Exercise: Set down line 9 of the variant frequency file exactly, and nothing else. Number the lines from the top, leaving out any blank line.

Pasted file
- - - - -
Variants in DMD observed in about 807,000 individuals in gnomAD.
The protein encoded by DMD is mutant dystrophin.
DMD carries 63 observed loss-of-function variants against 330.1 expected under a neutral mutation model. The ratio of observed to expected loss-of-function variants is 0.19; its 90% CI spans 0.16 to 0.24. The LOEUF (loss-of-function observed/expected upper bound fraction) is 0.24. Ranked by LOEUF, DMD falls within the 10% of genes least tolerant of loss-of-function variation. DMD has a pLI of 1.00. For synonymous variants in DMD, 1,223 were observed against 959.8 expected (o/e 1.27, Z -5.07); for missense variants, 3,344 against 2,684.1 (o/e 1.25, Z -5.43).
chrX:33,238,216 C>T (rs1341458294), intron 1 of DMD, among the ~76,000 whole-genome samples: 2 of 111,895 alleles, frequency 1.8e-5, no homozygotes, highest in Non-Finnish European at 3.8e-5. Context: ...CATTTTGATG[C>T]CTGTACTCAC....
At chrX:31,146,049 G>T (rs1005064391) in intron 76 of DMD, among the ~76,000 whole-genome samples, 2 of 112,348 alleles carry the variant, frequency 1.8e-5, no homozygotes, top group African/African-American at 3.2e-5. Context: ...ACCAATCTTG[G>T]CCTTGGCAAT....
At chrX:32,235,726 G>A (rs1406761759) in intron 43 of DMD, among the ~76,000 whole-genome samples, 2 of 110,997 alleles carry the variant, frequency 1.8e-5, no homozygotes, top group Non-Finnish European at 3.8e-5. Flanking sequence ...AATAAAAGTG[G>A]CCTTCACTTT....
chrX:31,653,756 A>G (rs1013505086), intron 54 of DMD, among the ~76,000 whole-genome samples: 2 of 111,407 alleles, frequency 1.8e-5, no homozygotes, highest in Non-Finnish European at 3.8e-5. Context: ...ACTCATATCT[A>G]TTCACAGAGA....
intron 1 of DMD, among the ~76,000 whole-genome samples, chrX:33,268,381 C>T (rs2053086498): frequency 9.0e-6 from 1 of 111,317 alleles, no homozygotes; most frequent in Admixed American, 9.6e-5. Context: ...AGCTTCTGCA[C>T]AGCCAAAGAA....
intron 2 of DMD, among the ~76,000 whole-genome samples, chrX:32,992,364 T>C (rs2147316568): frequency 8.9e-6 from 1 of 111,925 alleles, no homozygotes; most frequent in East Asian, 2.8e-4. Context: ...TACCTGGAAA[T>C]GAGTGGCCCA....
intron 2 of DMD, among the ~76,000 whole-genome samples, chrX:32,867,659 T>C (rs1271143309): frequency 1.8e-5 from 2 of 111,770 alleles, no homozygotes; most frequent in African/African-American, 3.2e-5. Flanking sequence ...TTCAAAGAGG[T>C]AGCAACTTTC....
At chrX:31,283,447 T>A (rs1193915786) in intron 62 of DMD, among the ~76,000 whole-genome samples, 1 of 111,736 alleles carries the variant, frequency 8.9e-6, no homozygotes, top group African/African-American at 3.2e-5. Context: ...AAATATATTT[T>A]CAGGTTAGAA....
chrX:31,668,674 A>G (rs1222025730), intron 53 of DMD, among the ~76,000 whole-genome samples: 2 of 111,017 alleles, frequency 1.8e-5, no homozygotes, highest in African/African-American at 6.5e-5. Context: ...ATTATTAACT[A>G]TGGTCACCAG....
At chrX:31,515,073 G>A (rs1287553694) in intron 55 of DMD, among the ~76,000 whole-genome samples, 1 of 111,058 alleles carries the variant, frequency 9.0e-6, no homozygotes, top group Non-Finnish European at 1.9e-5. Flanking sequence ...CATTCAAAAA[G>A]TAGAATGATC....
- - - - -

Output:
intron 2 of DMD, among the ~76,000 whole-genome samples, chrX:32,992,364 T>C (rs2147316568): frequency 8.9e-6 from 1 of 111,925 alleles, no homozygotes; most frequent in East Asian, 2.8e-4. Context: ...TACCTGGAAA[T>C]GAGTGGCCCA....